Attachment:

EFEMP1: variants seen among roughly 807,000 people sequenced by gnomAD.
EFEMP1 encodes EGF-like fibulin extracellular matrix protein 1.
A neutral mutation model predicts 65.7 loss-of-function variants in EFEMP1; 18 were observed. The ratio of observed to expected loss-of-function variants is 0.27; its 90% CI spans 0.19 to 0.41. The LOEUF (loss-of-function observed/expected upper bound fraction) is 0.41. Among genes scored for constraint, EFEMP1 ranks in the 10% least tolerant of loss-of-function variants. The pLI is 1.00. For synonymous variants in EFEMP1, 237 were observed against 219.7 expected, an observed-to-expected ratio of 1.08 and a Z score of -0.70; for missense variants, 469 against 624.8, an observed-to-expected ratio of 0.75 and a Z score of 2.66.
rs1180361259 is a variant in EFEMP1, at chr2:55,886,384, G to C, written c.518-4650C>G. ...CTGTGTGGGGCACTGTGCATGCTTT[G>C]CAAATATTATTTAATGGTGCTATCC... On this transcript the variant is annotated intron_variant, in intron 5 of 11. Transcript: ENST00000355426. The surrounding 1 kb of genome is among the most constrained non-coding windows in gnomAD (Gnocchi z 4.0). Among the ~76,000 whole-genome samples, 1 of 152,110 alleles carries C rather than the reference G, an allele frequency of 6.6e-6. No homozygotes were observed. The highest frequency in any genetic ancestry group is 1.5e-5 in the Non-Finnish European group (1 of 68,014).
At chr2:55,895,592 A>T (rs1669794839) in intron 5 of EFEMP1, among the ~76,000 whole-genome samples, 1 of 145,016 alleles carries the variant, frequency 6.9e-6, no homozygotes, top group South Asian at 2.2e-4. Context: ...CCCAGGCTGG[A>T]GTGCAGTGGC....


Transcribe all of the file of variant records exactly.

EFEMP1: variants seen among roughly 807,000 people sequenced by gnomAD.
EFEMP1 encodes EGF-like fibulin extracellular matrix protein 1.
A neutral mutation model predicts 65.7 loss-of-function variants in EFEMP1; 18 were observed. The ratio of observed to expected loss-of-function variants is 0.27; its 90% CI spans 0.19 to 0.41. The LOEUF (loss-of-function observed/expected upper bound fraction) is 0.41. Among genes scored for constraint, EFEMP1 ranks in the 10% least tolerant of loss-of-function variants. The pLI is 1.00. For synonymous variants in EFEMP1, 237 were observed against 219.7 expected, an observed-to-expected ratio of 1.08 and a Z score of -0.70; for missense variants, 469 against 624.8, an observed-to-expected ratio of 0.75 and a Z score of 2.66.
rs1180361259 is a variant in EFEMP1, at chr2:55,886,384, G to C, written c.518-4650C>G. ...CTGTGTGGGGCACTGTGCATGCTTT[G>C]CAAATATTATTTAATGGTGCTATCC... On this transcript the variant is annotated intron_variant, in intron 5 of 11. Transcript: ENST00000355426. The surrounding 1 kb of genome is among the most constrained non-coding windows in gnomAD (Gnocchi z 4.0). Among the ~76,000 whole-genome samples, 1 of 152,110 alleles carries C rather than the reference G, an allele frequency of 6.6e-6. No homozygotes were observed. The highest frequency in any genetic ancestry group is 1.5e-5 in the Non-Finnish European group (1 of 68,014).
At chr2:55,895,592 A>T (rs1669794839) in intron 5 of EFEMP1, among the ~76,000 whole-genome samples, 1 of 145,016 alleles carries the variant, frequency 6.9e-6, no homozygotes, top group South Asian at 2.2e-4. Context: ...CCCAGGCTGG[A>T]GTGCAGTGGC....